Sacred Headwaters of the Amazon

Joke Baert - Naku
Published: 27 September 2018
Last edited: 01 April 2019
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 With a rights-based approach and working in close partnership with the region’s indigenous peoples and federations, the Amazon Sacred Headwaters Initiative seeks to establish a bio-cultural sanctuary in the heart of the Napo-Marañon watersheds. In Ecuador and Peru, indigenous organizations have declared their territories as “No-Go Zones” for industrial-scale resource extraction and where indigenous co-governance, alternative well-being indicators, and all activities are judged by the extent to which they foster a mutually enhancing human-Earth relationship.


Here, the ancestral territories of more than a dozen indigenous nations are adjoined by a number of protected areas, together forming a vast contiguous mosaic containing the most biologically diverse terrestrial ecosystem on Earth.  These rainforests are critical carbon sinks and help to stabilize our global climate and rainfall and yet, they are facing a chronic and ever increasing risk from extractive industries. 


South America
Scale of implementation
Forest ecosystems
Freshwater ecosystems
River, stream
Tropical evergreen forest
Biodiversity mainstreaming
Connectivity / transboundary conservation
Ecosystem services
Indigenous people
Protected area management planning
Sustainable financing
Traditional knowledge
Land and Forest degradation
Loss of Biodiversity
Ecosystem loss
Lack of access to long-term funding
Lack of alternative income opportunities
Lack of public and decision maker’s awareness
Sustainable development goals
SDG 1 – No poverty
SDG 2 – Zero hunger
SDG 3 – Good health and well-being
SDG 5 – Gender equality
SDG 10 – Reduced inequalities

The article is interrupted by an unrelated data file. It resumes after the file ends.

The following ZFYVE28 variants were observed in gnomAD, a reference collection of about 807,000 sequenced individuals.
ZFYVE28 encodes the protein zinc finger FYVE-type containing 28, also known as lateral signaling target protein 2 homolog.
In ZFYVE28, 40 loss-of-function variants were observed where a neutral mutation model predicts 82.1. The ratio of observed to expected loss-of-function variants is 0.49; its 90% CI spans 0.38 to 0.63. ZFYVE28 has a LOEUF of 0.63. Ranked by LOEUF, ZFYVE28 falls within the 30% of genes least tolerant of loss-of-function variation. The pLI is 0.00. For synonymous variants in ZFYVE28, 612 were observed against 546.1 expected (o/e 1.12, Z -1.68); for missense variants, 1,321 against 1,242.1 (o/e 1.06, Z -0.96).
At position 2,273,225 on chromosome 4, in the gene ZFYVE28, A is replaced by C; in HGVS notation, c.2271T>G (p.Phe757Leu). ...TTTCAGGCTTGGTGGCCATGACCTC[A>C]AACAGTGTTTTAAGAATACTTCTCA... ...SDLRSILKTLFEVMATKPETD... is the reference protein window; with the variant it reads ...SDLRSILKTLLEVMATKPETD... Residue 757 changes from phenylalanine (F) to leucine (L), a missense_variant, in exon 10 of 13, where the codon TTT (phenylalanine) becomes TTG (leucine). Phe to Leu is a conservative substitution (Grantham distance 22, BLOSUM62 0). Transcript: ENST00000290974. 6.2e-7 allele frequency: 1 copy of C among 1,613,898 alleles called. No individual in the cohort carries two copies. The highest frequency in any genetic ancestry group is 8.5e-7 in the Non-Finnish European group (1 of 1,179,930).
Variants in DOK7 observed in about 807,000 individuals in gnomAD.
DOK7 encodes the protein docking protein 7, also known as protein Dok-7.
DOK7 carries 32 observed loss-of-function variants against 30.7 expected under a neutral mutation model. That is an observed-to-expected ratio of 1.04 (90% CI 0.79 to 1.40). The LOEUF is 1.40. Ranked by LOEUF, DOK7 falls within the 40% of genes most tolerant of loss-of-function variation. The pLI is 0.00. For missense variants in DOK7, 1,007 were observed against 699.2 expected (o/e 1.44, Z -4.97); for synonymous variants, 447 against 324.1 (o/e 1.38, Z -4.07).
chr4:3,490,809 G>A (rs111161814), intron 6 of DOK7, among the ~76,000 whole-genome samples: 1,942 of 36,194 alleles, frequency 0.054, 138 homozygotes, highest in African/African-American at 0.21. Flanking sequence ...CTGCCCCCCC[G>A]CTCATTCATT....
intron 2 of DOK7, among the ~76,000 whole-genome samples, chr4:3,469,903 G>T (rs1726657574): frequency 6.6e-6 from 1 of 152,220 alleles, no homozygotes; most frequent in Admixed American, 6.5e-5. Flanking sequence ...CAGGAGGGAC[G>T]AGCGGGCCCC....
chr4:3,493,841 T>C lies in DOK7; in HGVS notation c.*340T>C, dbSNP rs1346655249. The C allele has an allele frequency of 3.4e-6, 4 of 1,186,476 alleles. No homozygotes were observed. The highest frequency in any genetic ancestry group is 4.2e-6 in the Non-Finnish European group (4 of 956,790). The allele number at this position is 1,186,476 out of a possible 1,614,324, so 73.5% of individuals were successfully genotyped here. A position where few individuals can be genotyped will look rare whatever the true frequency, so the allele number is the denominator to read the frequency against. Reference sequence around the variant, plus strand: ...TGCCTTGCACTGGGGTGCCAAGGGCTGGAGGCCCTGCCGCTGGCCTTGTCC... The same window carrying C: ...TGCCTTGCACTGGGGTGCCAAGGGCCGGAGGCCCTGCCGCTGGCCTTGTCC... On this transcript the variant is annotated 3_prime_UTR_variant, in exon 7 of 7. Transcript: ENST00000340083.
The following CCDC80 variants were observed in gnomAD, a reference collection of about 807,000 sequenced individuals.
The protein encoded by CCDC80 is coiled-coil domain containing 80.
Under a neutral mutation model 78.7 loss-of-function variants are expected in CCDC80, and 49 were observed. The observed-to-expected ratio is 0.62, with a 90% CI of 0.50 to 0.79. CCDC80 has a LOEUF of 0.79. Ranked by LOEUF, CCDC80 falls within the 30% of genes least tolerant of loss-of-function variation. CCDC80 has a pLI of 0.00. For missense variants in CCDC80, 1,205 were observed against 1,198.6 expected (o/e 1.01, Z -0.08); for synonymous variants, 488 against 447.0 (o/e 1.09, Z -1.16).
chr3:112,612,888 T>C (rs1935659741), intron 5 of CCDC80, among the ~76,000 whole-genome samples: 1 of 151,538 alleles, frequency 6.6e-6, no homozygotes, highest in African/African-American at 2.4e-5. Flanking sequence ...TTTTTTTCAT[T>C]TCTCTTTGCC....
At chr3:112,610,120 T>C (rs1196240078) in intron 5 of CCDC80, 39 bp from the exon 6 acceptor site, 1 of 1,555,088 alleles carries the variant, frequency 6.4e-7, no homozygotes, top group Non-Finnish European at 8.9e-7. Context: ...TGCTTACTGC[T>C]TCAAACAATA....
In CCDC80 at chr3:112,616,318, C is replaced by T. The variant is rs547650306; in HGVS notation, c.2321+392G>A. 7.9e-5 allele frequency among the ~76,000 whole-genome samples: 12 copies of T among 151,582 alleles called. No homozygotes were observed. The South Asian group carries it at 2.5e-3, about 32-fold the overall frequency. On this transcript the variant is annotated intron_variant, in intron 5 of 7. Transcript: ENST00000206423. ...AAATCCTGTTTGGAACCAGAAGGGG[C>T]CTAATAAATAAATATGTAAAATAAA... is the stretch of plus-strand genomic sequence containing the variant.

SDG 13 – Climate action
SDG 15 – Life on land
SDG 16 – Peace, justice and strong institutions
SDG 17 – Partnerships for the goals
Aichi targets
Target 1: Awareness of biodiversity increased
Target 11: Protected areas
Target 15: Ecosystem restoration and resilience
Target 17: Biodiversity strategies and action plans
Target 18: Traditional knowledge


Pastaza, Pastaza Province, Ecuador | Provincias de Orellana, Pastaza, Napo, y Morona Santiago en Ecuador y Departamentos de Loreto y Amazonas en Peru
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The role of indigenous territories and protected areas in maintaining the Sacred Headwaters region’s ecological integrity is both critical and at risk.  Currently, the governments of Peru and Ecuador are in the process of granting drilling rights to nearly 22 million acres of mostly roadless areas within the headwaters region, on land legally titled to indigenous peoples and in protected areas such as the Yasuni National Park. In Peru, the government revived the process for approving oil production in the massive Block 64, which overlaps the Achuar's ancestral lands.


Other threats to the Napo-Marañon basin include a network of roads, oil palm plantations, and logging operations, which typically follow in the path of oil and gas development. Oil exploration, extraction, and transportation have severe ecological and human health impacts, as has been tragically seen in the Amazonian communities, where Chevron, previously Texaco, left a devastating legacy of toxic pollution.


The SHW region forms a large mosaic of indigenous territories national parks and protected areas. The indigenous nations include the Waorani, Kichwa, Sápara, Achuar, Shuar/Wampis/Awajun, Shiwiar, Andoas, Candoshi, Cocama, among others.

How do the building blocks interact?

Led by a Steering Committee comprised of Fundación Pachamam, Pachamama Alliance, Amazon Watch, and the indigenous federations CONFENIAE (Ecuador) and AIDESEP (Peru), an estimated two-year period is envisioned for the initial development phase of the Initiative that includes five interrelated tracks

1. Convene the indigenous nationalities of the region to forge a shared vision for the future of the headwaters region; build alliances; and strengthen their capacity to protect their territories;